It is still not known why the immune system overacts the way it does or why it comes on so suddenly, but there are various triggers that can start a guttate psoriasis flare. These include:
- upper respiratory infections
- streptococcal infections
- Skin Injury
- Certain medications
- Hormonal disorders
- Excessive Alcohol
Mild guttate psoriasis requires topical medications as a first step in order to moisturise the skin and relieve the itching. Often steroid creams and ointments are prescribed but vitamin D treatments and other natural, herbal creams and gels are often very effective. M-Folia contains Mahonia Aquifolium which is an extract proven to have anti bacterial and anti fungal properties that will ease itching and soreness very quickly on the body and scalp.
Other treatments include:
- Phototherapy with ultraviolet light
- Antibiotics to treat strep throat
- Baths with Epsom Salts or Dead Sea Salts
Pustular psoriasis is a rarer type of psoriasis that causes pus-filled blisters (pustules) to appear on your skin. It is not contagious and around 1 in 10 people with pustular psoriasis have a previous history of plaque psoriasis. It is very rare in children and usually occurs a bit later in life.
Pregnant women can develop this type of psoriasis despite never having had psoriasis before. The hormone changes, mostly in the third trimester, affect the immune system, however this usually disappears after the pregnancy. It is known as impetigo herpetiformis and is a very rare form of pustular psoriasis.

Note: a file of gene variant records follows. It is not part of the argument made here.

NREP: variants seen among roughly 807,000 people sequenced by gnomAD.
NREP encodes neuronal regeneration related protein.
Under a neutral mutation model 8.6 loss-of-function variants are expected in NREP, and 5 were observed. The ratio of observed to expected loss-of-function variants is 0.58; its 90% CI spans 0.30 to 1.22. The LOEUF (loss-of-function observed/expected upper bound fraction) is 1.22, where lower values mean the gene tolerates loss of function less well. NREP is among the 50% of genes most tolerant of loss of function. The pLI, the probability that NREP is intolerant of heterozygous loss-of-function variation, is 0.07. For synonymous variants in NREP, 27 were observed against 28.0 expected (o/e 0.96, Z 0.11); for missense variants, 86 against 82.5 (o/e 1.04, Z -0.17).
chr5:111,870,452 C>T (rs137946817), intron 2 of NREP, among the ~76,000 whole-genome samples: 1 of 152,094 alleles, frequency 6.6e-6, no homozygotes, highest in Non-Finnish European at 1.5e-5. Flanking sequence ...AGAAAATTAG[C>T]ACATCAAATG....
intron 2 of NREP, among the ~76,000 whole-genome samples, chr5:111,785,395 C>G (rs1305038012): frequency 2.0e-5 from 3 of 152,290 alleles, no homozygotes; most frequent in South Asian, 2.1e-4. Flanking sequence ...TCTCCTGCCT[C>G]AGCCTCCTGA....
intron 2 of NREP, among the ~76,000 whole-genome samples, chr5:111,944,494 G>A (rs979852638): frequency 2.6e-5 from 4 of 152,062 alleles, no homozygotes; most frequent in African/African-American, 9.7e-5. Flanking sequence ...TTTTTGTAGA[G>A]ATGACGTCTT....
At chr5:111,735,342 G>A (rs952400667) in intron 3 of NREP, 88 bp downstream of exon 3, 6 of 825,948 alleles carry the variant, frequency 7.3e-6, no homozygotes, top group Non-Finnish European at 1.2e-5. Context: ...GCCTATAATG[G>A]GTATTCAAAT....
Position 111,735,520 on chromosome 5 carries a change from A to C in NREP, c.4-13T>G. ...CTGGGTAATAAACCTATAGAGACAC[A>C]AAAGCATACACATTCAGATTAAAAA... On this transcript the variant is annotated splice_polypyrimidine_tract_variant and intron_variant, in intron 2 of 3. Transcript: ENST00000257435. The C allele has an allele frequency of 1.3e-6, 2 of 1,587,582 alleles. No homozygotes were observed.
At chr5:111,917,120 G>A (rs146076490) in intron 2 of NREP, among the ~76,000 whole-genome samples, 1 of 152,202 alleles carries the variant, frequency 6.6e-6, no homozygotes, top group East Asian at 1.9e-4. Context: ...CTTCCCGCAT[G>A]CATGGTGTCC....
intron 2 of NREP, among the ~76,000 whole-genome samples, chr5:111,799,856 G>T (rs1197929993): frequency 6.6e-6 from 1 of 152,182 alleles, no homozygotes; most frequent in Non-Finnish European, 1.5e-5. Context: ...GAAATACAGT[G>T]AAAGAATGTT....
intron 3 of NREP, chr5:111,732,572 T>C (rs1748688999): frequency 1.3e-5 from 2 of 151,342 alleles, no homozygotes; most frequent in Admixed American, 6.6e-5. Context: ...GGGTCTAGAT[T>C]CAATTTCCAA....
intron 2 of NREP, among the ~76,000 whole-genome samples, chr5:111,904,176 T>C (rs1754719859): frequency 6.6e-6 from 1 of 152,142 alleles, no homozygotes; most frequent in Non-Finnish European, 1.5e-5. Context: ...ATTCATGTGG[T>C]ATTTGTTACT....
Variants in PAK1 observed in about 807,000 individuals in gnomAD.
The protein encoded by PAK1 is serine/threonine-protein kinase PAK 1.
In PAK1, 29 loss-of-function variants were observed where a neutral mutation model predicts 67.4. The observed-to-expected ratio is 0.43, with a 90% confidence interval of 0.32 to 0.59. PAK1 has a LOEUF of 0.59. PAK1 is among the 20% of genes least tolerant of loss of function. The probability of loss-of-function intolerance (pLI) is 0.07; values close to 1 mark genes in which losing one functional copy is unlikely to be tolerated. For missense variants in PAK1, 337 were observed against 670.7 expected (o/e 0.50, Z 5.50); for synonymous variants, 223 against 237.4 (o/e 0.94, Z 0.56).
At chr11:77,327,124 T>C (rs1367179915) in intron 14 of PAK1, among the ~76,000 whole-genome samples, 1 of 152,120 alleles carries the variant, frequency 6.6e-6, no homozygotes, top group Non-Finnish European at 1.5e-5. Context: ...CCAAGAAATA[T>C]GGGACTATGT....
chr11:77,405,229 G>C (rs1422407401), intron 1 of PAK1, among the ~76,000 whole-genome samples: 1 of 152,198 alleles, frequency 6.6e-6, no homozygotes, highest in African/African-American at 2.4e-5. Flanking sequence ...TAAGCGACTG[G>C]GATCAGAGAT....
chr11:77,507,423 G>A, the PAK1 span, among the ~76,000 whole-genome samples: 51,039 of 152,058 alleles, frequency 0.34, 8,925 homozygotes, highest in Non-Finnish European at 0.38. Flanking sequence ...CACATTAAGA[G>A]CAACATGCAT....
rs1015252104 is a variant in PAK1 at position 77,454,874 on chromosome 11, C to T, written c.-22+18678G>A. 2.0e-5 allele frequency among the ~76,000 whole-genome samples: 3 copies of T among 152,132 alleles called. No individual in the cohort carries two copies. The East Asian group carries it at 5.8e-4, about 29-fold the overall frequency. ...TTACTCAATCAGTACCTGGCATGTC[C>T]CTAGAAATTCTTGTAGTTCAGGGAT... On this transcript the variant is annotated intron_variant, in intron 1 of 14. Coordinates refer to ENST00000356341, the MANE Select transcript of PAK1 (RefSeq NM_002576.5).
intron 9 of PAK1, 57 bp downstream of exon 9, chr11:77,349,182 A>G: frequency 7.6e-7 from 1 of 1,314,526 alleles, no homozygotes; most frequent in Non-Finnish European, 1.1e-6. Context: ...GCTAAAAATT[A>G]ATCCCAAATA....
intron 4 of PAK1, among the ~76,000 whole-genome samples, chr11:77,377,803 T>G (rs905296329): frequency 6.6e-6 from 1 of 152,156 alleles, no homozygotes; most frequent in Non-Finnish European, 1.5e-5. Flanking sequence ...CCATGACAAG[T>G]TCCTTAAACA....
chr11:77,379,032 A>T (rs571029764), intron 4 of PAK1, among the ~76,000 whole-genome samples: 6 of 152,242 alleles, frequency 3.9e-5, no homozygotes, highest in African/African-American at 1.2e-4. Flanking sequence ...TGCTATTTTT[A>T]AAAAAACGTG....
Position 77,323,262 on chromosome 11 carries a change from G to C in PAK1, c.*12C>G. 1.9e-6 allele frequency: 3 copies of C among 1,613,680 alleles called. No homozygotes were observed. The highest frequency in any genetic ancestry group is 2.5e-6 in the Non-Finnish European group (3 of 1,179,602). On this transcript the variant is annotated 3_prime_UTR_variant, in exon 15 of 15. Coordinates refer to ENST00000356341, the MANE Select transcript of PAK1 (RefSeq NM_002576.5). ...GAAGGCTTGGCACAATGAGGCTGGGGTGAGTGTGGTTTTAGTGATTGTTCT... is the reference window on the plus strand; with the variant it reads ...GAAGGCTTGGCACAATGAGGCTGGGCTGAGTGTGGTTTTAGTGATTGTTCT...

Pustular psoriasis can occur very suddenly with a range of symptoms that occur in succession. The skin will become hot and tender and small pustules will start to appear. These pustules will start to join together and pools of pus will form. The pus consists of white blood cells and is not a sign of infection. Once the areas of pus dry out, there will be a smooth, shiny surface left behind. This is a cycle and can reoccur every few days or sometimes weeks but it will eventually clear with the right treatment. As with all types of psoriasis there are triggers that can set off another flare at any time. Pustular psoriasis can be very painful and be accompanied by fevers, intense itching, nausea, muscle weakness and dehydration.
- the use of or withdrawal from certain internal medications, including corticosteroids
- overexposure to UV light, for example, sunlight
- Certain drugs i.e. penicillin, lithium, ibuprofen
As with all types of psoriasis, it is so important to look at your lifestyle choices and take steps to reduce the symptoms or the frequency of the flare ups. Removing alcohol, nicotine, red meat, and acidic forming foods. Reducing stress and keeping your weight and fitness in check. These are all tools for coping with psoriasis symptoms. Pustular psoriasis is often more serious and will usually require medical treatment or hospitalisation.
People who experience frequent flares, or have moderate to severe symptoms, may be recommended to use a biologic treatment. This is administered either as an injection or an infusion. Biologics are known to help the underlying problem by targeting specific genes.
Pustular psoriasis usually needs medical treatment, but remedies such as bathing with salt water or oatmeal, using oil-rich moisturisers, applying natural topical treatments like m-folia and removing scales with a very soft cloth may offer additional relief by soothing the skin and relieving irritation and itching.